Some of the Webbery staff I remember vividly. There was Nurse Viney, a big-boned country girl with bright red cheeks and chapped hands. She presided over our baths with rough efficiency. We were each dunked into the same bath water, vigorously scrubbed with medicinal smelling soap, and lifted out into coarse towels to make room for the next child, all lined up naked waiting their turn.  It was obvious that Nurse Viney didn’t really like children; she seemed to deliberately grab us too tightly, scrub too roughly, and push us towards the towel holder with a shove, yelling instructions the whole time. I thought she would be much happier caring for animals on a farm. Another misfit was a Scottish woman of a certain age who taught us deportment. She demonstrated the correct way to walk, placing the toe down before the heel. That was supposed to be the ladylike way to walk, but it felt very awkward as we tripped and wobbled our way across the room trying to emulate her elegant steps. She also walked around with a book balanced on her head to teach posture, a trick that looked a lot easier than it was. The class was accompanied by the thud of books crashing to the floor and the sound of our barely suppressed giggles. In retrospect I think of her as a Miss Jean Brodie well past her prime, and wonder what turns of fate brought her to a children’s home in Devon. The Head Matron was Miss Gee, a woman who seemed quite elderly to me at the time but maybe wasn’t even as old as I am now. She was a sweet, kindly person who for some reason took a special liking to me. Perhaps I was more refined and malleable than the orphans. Every evening I was invited to her room in the far upper eaves of the house, probably in what were once servant quarters. She sat in a cozy armchair dressed in full nurse regalia with a starched cap, asked me about my day, and gave me a sweet, an extra on top of the rationed three and not subject to any withholding. I accepted this privilege without question. For years afterward our family received a Christmas card from Miss Gee, until some time when I was a teenager they stopped and we assumed she had died.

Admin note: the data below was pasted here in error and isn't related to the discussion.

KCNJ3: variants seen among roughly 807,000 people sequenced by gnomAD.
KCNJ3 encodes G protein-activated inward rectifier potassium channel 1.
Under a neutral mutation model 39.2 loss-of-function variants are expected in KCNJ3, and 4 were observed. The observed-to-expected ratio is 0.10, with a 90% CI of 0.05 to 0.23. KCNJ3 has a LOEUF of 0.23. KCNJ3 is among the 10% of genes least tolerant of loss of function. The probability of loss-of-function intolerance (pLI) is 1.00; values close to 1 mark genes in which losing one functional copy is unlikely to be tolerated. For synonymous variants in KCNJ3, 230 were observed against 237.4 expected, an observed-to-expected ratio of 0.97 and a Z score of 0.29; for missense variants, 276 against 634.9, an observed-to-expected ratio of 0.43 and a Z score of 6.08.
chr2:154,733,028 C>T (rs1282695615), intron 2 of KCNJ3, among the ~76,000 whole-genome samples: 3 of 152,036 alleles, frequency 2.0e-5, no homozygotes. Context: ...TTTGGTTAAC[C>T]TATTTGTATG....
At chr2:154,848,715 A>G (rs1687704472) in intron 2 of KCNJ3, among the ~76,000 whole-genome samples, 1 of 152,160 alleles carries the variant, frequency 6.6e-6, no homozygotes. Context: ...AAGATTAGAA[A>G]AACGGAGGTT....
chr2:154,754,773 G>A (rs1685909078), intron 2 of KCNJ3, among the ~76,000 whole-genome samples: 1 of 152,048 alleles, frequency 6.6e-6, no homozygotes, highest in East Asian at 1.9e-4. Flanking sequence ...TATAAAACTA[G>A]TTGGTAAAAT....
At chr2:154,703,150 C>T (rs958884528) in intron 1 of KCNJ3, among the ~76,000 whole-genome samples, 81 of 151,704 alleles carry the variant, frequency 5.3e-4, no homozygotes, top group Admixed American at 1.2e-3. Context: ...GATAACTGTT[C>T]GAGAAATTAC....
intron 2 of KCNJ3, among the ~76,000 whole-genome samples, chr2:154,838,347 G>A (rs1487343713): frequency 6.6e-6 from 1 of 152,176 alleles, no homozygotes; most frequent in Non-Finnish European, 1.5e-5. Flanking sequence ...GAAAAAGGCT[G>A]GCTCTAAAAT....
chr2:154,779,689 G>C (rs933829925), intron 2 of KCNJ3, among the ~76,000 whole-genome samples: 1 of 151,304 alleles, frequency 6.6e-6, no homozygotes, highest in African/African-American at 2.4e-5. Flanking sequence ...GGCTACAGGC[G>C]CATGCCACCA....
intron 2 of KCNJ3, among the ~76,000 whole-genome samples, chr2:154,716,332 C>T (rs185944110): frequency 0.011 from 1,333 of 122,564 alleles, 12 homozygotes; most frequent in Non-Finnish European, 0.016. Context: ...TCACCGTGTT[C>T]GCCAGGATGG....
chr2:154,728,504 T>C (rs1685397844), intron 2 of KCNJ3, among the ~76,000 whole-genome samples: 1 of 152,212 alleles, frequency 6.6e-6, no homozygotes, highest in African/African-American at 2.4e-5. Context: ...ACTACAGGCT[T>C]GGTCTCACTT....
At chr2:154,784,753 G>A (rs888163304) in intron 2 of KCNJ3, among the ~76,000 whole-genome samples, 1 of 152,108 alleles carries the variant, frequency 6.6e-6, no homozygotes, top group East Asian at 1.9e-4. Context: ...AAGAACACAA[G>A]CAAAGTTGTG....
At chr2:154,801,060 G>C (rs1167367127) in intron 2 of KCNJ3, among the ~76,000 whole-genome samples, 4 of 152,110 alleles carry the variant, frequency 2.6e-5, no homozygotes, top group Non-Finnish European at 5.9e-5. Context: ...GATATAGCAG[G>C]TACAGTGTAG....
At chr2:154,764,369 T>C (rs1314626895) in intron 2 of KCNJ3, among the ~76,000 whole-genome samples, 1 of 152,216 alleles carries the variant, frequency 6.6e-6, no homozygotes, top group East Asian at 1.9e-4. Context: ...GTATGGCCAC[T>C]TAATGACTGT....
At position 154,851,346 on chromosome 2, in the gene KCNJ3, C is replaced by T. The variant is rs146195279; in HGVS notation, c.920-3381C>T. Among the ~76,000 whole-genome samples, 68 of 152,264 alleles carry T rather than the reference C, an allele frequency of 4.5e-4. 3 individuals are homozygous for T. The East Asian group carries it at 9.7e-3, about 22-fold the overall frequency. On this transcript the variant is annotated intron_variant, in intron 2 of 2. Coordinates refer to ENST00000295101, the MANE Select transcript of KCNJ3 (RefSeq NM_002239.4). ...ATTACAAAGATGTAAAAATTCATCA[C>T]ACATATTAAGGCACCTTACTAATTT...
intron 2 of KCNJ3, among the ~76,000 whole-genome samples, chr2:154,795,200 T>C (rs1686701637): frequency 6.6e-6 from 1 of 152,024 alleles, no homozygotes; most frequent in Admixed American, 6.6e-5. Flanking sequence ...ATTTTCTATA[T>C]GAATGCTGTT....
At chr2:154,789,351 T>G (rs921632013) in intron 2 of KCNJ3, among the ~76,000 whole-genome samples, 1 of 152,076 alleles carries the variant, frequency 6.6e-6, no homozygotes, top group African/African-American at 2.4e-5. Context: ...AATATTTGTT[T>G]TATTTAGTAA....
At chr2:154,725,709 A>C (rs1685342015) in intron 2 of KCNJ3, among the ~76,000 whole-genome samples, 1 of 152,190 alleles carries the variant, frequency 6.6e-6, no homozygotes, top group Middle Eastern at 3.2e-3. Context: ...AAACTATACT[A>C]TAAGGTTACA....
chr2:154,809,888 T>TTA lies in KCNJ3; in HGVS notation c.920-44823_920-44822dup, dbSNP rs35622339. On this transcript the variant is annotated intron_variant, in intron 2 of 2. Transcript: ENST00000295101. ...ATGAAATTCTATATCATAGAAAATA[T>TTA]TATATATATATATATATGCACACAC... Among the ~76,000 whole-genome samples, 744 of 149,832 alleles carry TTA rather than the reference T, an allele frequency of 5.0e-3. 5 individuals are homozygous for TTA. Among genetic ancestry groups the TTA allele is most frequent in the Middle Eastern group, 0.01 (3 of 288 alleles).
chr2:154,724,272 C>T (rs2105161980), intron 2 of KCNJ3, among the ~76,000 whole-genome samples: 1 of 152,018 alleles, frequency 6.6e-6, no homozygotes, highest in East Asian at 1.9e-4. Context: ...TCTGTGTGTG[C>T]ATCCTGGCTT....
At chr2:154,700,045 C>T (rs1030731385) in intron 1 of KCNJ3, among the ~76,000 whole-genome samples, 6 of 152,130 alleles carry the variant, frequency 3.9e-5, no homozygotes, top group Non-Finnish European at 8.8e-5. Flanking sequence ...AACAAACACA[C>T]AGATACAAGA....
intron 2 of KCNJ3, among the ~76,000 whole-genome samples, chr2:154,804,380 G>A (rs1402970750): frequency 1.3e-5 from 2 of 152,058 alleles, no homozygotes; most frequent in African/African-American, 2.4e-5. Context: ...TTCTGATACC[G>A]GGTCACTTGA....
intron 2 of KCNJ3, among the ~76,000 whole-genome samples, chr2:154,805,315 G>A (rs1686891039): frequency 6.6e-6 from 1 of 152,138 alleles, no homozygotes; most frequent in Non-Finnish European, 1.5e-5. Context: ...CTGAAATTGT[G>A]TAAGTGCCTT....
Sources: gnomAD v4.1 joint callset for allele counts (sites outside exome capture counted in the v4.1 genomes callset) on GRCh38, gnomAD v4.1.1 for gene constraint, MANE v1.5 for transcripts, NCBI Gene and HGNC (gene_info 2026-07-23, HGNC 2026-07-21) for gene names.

I’ve often wondered what became of Webbery. Surely it couldn’t have continued as a children’s home into the modern era. I thought the grand old house would be suitable for a private home, a posh school, or perhaps a country hotel. My last guess turned out to be the correct one. I found Webbery on the Internet. It is now a 5 star holiday resort, “a haven of rural peace and tranquility where the old values of warmth and hospitality are foremost.” Perhaps I will stay there one day and creep inside a rhododendron when the proprietors aren’t looking.